Lakes and Lagoons
Created by Donal Albury, 2005
Between a barrier island and the mainland coast, fresh water from inland rivers and creeks and runoff from the land merges with salt water from the ocean to create a “brackish” lagoon, a type of “estuary.” Although definitions vary in the scientific community, estuaries have one or more free connections to the ocean, such as inlets, while lagoons have a more restricted exchange of salt and fresh water. Several factors cause variations of the level of salinity (salt) between lagoons and even within one lagoon in the same location. In periods of flooding, more fresh water comes in; in periods of drought, more salt water comes in. Although affected by moon-driven tides, estuaries are generally protected from the full force of waves, winds, and storms by surrounding reefs or barrier islands. The amount of runoff from the land and the proximity of inlets, rivers, and creeks are also influences. Because these terms are subject to ongoing examination and revision, “lagoon” and “estuary” may be used here interchangeably.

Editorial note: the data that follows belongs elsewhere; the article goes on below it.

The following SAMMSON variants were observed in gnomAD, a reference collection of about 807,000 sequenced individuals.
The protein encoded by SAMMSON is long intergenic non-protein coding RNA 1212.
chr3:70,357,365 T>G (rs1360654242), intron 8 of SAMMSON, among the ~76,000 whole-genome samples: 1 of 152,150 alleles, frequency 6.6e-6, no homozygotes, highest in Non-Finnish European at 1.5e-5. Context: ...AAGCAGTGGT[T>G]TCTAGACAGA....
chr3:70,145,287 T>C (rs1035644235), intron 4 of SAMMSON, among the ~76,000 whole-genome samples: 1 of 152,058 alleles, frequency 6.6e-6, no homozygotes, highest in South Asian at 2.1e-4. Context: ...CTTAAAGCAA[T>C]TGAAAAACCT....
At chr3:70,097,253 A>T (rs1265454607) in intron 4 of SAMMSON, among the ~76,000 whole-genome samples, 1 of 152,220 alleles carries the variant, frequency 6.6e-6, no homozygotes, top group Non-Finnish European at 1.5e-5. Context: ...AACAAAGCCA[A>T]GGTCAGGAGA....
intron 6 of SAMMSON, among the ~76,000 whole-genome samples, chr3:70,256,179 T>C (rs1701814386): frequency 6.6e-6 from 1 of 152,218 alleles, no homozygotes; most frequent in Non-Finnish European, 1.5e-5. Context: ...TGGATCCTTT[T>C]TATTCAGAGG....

Changing ocean levels have formed some estuaries naturally, but humans have also created new ones where they have added inlets, and they have become “nurseries of the ocean” in the same way that natural estuaries are. Estuaries provide habitats for countless plants and animals and a safe escape from the predators of the open ocean.
Map by H.C. Fugate Eng. Co., ca. 1920s
According to maps made in the 1800s, there were once many more lakes, lagoons, and marshes in what became Palm Beach County. Lake Occossee was located north of Lake Mangonia, in West Palm Beach. Several lakes existed between today’s Lake Osborne (in Lake Worth and Lantana) and Lake Ida (in Delray Beach), including Louis Lake and Lakes Webster, Jackson, Bessie, and Boynton. From Lake Ida southward to the Hillsboro Canal, there were many ponds and lakes, which became part of the El Rio Canal (or E-4 Canal) system.
These waterways served as major highways for the county’s early residents, who built boats of varied sizes and designs to get around. Both Native Americans and more recent settlers found an abundance of fish, shellfish, and small mammals on the shore as well as in the water.